But thank you for your post, 01101001, the can of worms is open.

    Regards, John M.

  3. #3
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    "Incredible" questions?

    Those seem to be the questions that logically fall out of a confirmed neutron star merger.

    Though I do understand people nowadays finding logic "incredible".
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    (John, not the other one.)

  4. #4
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    Quote Originally Posted by 01101001 View Post
    How do we get more interesting, meaty questions in Q&A, like the ones above?
    I very much appreciate the question, but I question whether Q&A is the place for "meaty".

    From the Q&A stickies:
    Quote Originally Posted by ToSeek View Post
    This section of the forum is for astronomy and space exploration questions with straightforward, generally accepted answers.

    Questions that are likely to lead to extended discussion about the correct answer, or that have no clearcut correct answer, should be posted in the forum most appropriate to the topic of the question. If a question does lead to such discussion, it may be split off or moved entirely to a more appropriate forum by a moderator. Since it's hard to tell how a discussion will go, posting such questions will generally be treated as a judgment matter and not a rule violation.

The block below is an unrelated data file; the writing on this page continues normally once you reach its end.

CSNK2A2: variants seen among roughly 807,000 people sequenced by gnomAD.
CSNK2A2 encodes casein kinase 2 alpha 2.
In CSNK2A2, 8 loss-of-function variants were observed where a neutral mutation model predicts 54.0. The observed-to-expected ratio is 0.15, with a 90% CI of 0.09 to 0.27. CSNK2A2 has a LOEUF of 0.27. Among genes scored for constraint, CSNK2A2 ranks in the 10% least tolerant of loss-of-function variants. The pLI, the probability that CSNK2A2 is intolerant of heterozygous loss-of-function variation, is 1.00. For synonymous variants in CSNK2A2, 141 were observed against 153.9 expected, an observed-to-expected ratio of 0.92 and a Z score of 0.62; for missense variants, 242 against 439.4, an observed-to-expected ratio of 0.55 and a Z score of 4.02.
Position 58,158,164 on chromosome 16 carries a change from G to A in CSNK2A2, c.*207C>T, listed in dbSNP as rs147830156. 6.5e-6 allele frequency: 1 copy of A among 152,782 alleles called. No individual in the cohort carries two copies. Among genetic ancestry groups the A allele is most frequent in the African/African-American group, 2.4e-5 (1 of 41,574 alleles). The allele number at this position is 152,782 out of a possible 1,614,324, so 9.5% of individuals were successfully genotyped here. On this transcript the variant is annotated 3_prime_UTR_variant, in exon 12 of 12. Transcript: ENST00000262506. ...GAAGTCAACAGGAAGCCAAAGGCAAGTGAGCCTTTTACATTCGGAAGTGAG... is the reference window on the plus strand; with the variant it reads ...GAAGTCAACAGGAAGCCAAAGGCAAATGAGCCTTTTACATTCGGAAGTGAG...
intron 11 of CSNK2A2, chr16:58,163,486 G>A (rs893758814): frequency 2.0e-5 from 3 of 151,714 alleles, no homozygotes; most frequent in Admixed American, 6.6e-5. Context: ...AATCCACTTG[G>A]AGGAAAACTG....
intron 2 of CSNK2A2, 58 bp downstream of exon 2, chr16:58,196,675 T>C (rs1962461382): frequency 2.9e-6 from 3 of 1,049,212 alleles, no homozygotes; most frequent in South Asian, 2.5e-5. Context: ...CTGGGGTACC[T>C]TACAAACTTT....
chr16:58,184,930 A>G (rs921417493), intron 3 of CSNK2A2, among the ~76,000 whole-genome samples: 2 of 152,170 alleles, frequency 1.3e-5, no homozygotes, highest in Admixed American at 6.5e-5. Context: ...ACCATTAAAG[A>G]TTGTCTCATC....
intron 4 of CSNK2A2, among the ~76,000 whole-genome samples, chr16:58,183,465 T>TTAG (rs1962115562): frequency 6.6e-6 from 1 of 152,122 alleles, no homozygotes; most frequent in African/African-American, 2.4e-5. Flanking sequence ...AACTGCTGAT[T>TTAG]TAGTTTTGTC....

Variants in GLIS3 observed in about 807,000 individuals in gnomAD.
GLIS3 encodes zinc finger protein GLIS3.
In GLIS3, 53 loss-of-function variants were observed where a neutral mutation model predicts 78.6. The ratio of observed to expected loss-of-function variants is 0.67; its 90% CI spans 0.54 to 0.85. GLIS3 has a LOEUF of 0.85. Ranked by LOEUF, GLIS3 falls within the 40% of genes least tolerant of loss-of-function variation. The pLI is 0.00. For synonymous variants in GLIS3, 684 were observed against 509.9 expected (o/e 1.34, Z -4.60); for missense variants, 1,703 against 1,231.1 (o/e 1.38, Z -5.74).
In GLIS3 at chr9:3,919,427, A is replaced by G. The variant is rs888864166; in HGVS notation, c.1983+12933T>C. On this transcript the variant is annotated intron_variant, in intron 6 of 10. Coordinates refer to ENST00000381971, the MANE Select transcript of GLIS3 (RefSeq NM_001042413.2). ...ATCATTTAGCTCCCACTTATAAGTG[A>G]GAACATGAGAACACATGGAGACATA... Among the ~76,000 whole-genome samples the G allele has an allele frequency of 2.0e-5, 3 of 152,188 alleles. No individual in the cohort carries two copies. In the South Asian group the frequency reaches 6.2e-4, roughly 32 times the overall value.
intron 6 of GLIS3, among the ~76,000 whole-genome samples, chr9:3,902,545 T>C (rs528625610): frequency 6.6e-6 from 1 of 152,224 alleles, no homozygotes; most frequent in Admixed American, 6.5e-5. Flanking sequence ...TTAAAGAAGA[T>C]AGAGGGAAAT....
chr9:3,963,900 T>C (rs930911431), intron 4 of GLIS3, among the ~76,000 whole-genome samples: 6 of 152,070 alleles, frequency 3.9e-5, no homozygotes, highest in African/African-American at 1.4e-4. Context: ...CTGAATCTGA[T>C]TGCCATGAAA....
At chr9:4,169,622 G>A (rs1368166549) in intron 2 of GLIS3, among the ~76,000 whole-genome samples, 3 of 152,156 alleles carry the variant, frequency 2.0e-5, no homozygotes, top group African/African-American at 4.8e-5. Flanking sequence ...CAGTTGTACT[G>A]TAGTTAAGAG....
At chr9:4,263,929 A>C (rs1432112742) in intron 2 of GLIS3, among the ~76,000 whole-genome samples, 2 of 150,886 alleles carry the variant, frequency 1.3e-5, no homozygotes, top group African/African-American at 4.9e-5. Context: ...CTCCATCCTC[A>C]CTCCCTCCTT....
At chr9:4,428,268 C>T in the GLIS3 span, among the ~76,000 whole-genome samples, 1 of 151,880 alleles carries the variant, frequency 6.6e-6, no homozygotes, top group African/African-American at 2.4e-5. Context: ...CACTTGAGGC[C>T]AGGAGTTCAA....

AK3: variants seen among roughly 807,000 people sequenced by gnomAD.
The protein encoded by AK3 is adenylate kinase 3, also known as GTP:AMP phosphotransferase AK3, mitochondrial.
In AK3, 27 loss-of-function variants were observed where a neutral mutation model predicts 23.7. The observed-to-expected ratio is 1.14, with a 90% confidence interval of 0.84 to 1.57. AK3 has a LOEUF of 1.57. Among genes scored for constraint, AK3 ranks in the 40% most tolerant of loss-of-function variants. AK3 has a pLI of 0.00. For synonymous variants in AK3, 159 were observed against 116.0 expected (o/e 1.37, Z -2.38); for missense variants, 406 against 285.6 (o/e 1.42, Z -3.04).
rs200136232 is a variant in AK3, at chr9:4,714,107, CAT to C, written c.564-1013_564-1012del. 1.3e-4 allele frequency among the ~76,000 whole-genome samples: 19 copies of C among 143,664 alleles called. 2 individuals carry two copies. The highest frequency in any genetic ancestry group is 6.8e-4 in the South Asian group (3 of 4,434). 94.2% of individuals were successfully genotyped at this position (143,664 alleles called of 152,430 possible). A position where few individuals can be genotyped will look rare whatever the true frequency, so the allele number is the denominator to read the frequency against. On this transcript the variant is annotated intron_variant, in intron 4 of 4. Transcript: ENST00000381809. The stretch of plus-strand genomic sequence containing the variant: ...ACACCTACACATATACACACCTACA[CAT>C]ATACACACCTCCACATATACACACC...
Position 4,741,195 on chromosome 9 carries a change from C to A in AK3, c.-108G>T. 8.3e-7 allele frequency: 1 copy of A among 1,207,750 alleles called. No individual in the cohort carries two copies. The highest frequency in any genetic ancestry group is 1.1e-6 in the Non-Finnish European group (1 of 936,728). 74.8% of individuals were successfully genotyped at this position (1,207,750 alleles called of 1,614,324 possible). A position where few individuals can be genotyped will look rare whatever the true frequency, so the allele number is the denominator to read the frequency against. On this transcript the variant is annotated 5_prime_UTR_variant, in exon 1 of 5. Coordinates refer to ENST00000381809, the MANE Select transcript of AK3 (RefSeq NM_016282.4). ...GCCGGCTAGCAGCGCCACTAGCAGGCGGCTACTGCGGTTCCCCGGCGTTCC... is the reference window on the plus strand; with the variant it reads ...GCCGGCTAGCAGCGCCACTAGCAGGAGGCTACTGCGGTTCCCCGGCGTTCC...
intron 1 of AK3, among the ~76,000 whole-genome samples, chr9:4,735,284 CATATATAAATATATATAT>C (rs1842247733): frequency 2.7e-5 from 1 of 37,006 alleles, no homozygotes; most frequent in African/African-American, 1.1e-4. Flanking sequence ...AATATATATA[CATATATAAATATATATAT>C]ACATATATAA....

Questions taking issue or raising concerns with the mainstream viewpoint should be posted in the ATM forum. Posting questions along these lines will generally be treated as a rule violation.
    My thinking (and I think this is shared by the Moderation Team) is that Q&A is not for "meaty" topics, and is much more for the average person on the street trying to get their straight-forward questions answered.

    Personally, I think there have been too many "meaty" topics in Q&A lately.

    Now, I love the idea of discussions of meaty topics, I just don't think they should be in Q&A. I think Astronomy or S&T are much more appropriate.

    So, if that is the consensus, then the question is how do we get more meaty discussions in those parts of the forum. I don't have an easy answer. One suggestion - start the threads. If there is a meaty topic you want to discuss, then start a discussion.